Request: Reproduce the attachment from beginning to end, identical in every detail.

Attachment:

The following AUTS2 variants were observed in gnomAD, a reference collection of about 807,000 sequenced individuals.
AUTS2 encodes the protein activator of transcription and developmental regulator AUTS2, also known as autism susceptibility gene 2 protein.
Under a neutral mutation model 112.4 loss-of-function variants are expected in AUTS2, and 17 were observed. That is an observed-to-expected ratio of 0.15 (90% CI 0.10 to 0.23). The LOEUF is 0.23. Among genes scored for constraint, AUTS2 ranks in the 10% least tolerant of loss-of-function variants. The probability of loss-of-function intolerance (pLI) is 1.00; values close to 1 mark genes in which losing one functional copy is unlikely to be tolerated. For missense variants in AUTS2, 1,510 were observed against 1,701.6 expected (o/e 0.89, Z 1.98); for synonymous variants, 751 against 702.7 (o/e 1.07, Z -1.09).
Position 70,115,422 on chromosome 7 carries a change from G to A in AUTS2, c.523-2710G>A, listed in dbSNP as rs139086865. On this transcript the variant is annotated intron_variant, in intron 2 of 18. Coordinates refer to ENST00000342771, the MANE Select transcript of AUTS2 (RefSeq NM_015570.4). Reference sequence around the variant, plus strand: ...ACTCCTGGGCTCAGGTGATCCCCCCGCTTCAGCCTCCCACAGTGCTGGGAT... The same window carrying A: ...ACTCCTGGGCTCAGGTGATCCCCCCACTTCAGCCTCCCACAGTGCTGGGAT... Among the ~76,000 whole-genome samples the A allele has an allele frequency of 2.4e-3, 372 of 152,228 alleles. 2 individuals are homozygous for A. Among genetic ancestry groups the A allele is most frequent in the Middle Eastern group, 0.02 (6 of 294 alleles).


The following AUTS2 variants were observed in gnomAD, a reference collection of about 807,000 sequenced individuals.
AUTS2 encodes the protein activator of transcription and developmental regulator AUTS2, also known as autism susceptibility gene 2 protein.
Under a neutral mutation model 112.4 loss-of-function variants are expected in AUTS2, and 17 were observed. That is an observed-to-expected ratio of 0.15 (90% CI 0.10 to 0.23). The LOEUF is 0.23. Among genes scored for constraint, AUTS2 ranks in the 10% least tolerant of loss-of-function variants. The probability of loss-of-function intolerance (pLI) is 1.00; values close to 1 mark genes in which losing one functional copy is unlikely to be tolerated. For missense variants in AUTS2, 1,510 were observed against 1,701.6 expected (o/e 0.89, Z 1.98); for synonymous variants, 751 against 702.7 (o/e 1.07, Z -1.09).
Position 70,115,422 on chromosome 7 carries a change from G to A in AUTS2, c.523-2710G>A, listed in dbSNP as rs139086865. On this transcript the variant is annotated intron_variant, in intron 2 of 18. Coordinates refer to ENST00000342771, the MANE Select transcript of AUTS2 (RefSeq NM_015570.4). Reference sequence around the variant, plus strand: ...ACTCCTGGGCTCAGGTGATCCCCCCGCTTCAGCCTCCCACAGTGCTGGGAT... The same window carrying A: ...ACTCCTGGGCTCAGGTGATCCCCCCACTTCAGCCTCCCACAGTGCTGGGAT... Among the ~76,000 whole-genome samples the A allele has an allele frequency of 2.4e-3, 372 of 152,228 alleles. 2 individuals are homozygous for A. Among genetic ancestry groups the A allele is most frequent in the Middle Eastern group, 0.02 (6 of 294 alleles).